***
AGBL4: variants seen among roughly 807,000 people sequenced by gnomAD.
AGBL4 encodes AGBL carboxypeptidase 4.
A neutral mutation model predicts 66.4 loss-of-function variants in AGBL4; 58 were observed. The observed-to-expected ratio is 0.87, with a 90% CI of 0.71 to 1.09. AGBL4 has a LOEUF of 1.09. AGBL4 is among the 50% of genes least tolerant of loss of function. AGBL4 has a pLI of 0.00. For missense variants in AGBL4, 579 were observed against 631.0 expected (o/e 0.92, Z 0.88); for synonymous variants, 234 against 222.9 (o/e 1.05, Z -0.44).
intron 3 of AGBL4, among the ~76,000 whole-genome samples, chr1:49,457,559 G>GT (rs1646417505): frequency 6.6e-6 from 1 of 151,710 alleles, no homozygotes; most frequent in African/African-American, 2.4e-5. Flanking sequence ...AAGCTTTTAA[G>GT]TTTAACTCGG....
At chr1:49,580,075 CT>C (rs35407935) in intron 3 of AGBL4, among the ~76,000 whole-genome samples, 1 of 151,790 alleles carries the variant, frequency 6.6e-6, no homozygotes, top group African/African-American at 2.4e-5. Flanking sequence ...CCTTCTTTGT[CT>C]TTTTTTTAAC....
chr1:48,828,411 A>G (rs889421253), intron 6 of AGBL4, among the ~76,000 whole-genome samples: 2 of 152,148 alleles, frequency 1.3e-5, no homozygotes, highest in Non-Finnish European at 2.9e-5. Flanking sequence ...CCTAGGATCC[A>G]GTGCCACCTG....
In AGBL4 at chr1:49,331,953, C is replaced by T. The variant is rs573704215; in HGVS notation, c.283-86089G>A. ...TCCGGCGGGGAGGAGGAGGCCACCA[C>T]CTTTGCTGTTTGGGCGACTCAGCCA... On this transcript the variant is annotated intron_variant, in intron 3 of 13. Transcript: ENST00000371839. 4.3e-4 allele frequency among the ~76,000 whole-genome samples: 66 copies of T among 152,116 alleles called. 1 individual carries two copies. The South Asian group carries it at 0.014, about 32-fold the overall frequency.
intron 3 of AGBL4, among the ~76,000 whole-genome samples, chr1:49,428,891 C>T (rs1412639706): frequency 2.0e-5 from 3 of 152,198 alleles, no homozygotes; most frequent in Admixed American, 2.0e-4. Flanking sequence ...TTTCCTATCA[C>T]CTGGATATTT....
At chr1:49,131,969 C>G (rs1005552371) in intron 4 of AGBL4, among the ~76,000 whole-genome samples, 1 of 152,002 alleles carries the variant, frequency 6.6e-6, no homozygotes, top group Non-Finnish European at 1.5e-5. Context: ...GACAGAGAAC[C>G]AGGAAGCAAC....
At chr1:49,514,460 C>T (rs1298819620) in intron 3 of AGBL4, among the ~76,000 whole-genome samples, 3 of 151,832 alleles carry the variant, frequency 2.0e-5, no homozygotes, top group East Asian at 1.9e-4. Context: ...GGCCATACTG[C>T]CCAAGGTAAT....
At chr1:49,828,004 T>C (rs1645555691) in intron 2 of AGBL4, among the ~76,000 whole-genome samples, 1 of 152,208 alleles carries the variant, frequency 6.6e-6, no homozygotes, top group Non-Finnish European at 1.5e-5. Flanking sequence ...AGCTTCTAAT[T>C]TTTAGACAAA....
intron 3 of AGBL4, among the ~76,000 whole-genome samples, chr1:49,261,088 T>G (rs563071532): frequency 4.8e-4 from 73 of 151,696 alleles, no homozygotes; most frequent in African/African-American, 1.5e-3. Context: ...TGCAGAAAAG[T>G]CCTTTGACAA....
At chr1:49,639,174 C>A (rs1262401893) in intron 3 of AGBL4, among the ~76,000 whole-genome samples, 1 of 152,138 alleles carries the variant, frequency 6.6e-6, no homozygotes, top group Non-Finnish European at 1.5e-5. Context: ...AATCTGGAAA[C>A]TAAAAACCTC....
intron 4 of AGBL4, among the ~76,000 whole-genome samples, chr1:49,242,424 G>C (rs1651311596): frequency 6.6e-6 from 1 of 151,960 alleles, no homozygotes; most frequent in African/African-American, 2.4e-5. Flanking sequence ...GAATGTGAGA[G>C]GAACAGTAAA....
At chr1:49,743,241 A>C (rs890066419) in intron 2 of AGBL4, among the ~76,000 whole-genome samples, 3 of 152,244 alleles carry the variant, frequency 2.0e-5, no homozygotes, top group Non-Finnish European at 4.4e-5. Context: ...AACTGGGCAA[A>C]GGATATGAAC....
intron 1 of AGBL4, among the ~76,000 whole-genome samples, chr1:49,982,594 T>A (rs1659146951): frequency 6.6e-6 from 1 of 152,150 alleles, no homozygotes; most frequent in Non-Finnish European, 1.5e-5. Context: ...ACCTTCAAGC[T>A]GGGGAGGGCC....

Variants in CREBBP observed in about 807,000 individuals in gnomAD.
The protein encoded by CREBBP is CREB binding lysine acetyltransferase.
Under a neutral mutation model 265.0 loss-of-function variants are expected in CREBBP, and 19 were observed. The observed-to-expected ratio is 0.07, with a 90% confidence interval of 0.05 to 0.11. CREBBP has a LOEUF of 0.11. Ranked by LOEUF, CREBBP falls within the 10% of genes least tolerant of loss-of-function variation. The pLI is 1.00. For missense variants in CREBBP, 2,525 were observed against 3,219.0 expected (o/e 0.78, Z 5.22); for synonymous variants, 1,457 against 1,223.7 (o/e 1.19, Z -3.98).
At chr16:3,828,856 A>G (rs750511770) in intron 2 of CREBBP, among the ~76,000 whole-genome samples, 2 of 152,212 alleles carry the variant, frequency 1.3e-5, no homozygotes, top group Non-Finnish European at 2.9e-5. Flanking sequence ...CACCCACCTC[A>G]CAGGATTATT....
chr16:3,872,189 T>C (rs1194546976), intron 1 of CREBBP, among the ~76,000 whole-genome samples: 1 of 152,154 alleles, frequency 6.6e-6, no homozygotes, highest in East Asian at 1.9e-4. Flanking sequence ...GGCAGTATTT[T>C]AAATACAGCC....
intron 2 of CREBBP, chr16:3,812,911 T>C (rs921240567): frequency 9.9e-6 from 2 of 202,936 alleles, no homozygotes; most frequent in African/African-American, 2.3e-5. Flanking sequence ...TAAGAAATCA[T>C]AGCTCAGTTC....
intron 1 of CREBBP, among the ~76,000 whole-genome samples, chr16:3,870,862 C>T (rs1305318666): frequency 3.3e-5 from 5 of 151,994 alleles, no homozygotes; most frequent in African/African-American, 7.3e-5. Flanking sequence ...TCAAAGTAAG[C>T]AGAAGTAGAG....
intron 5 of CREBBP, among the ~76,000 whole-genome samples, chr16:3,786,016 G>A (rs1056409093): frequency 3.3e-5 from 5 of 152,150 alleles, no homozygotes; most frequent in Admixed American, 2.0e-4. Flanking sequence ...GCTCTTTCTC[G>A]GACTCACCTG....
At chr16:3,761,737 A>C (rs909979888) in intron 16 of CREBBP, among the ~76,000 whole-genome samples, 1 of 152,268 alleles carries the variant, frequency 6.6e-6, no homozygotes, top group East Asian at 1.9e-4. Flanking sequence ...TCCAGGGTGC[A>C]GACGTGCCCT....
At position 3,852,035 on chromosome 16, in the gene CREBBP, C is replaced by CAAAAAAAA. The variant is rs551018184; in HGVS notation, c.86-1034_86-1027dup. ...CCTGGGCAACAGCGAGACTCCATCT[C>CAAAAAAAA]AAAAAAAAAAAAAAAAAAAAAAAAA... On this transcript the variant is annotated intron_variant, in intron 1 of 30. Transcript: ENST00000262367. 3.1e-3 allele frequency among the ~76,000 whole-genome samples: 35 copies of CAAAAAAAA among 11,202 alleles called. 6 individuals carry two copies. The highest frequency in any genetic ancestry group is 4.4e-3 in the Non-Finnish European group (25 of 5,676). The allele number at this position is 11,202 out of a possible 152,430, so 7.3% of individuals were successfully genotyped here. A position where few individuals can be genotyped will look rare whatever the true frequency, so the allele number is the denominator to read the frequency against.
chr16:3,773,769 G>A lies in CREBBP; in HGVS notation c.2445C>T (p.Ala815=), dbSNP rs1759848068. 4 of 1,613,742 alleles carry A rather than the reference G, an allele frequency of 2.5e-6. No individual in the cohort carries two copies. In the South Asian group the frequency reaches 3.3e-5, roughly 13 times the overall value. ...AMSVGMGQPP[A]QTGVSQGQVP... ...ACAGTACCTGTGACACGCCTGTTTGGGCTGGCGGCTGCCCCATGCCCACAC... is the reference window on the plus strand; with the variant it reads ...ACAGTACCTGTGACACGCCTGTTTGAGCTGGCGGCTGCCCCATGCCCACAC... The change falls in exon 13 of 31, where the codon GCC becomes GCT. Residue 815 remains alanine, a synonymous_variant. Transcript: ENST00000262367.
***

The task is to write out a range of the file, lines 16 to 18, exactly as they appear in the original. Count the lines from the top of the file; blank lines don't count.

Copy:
intron 1 of AGBL4, among the ~76,000 whole-genome samples, chr1:49,982,594 T>A (rs1659146951): frequency 6.6e-6 from 1 of 152,150 alleles, no homozygotes; most frequent in Non-Finnish European, 1.5e-5. Context: ...ACCTTCAAGC[T>A]GGGGAGGGCC....

Variants in CREBBP observed in about 807,000 individuals in gnomAD.
The protein encoded by CREBBP is CREB binding lysine acetyltransferase.